1.10. In regard to service matters, it is urged that a separate high powered Tribunal or Commission should be set up to deal with service matters and this Commission should be presided over by a Judge of the status of the Supreme Court Judge assisted by two independent Experts, and the decisions of this Tribunal or Commission should be final, subject to the right of the public servant to approach the Supreme Court under Article 136 on the ground that his fundamental rights are violated. The terms and conditions of service of members of this Tribunal or Commission should be similar to those of the Judges of the Supreme Court.
1.11. In regard to tax matters, it is proposed that the Reference to High Courts contemplated by the Income-tax Act which invariably involves considerable delay should be eliminated and the decisions of the Income Tax Appellate Tribunals should become final, subject to the said decisions being reviewed either under Article 226 by the High Courts or under Article 136 of the Constitution by the Supreme Court.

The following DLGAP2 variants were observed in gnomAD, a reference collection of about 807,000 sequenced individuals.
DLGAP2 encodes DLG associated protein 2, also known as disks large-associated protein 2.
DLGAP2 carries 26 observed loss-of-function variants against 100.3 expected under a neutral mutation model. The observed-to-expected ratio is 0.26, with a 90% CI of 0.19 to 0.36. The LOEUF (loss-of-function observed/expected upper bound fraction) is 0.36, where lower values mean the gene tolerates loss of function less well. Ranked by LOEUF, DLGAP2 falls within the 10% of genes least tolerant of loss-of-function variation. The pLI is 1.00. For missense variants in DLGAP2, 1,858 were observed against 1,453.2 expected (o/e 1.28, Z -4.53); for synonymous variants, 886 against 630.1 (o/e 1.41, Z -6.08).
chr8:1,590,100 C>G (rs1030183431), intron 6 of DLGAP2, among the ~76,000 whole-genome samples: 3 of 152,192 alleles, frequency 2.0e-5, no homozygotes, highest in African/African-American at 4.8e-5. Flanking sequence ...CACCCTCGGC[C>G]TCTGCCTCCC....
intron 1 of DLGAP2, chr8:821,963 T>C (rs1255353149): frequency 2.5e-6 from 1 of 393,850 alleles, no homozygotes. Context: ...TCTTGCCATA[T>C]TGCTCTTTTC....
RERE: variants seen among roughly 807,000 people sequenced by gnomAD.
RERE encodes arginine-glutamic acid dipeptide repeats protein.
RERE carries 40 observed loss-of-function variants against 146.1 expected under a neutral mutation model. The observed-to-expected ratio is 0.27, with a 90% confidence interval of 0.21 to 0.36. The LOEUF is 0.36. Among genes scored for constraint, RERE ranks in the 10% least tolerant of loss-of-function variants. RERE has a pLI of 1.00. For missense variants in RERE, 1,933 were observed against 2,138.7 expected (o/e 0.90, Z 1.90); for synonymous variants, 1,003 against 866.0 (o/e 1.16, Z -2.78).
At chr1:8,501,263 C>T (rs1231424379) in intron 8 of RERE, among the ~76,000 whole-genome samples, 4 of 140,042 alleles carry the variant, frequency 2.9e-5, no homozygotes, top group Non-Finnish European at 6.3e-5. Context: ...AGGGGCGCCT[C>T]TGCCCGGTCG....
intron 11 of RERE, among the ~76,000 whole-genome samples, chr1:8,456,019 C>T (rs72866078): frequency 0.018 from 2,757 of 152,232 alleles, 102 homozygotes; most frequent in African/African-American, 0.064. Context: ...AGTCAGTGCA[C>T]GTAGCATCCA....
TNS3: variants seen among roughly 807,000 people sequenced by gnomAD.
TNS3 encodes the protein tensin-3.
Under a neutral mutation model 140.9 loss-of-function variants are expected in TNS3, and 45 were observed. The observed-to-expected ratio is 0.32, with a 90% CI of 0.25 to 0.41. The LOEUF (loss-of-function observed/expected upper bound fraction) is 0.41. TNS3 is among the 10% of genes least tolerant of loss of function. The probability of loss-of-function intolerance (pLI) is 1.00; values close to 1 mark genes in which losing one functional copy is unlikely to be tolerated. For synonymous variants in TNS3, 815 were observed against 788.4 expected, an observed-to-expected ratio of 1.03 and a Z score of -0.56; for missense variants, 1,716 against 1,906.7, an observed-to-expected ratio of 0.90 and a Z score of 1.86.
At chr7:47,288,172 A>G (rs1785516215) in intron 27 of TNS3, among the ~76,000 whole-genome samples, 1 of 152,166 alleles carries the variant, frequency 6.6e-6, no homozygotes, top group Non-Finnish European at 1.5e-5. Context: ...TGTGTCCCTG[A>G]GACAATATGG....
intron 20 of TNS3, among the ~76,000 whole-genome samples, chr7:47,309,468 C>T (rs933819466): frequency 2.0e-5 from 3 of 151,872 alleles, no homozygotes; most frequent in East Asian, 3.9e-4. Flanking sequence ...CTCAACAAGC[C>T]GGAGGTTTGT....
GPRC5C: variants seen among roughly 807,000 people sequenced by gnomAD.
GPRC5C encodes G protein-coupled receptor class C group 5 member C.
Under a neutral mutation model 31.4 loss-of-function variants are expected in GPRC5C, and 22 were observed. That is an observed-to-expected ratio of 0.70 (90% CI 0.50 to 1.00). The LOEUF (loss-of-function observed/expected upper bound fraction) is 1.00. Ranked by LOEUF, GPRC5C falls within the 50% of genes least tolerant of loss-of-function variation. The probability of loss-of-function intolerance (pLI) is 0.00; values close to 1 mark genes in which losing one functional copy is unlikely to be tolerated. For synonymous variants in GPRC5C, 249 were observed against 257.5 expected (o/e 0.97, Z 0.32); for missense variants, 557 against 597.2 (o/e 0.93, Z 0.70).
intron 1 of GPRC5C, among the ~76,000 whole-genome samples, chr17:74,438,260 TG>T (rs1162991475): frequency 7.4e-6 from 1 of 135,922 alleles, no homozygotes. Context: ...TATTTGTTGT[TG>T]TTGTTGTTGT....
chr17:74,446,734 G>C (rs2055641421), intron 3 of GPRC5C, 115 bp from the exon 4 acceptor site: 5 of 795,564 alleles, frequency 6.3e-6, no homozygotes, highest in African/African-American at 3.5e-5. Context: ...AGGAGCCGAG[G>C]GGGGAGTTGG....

1.12. Another idea, which has been suggested, is that time has come when we should think of setting up Zonal Courts dealing with appeals against decisions of the High Courts in a particular zone. This scheme would proceed on the basis of dividing the country into four Zones and the Courts would be composed of Chief Justices or Senior Judges of the High Courts in the respective States constituting the Zone. These courts would function like circuit Courts and would hold their sittings in the said respective High Courts from time to time. If this idea is accepted, many appeals, which come to the Supreme Court today, may be filed before the Zonal Courts and their decisions would be regarded as final.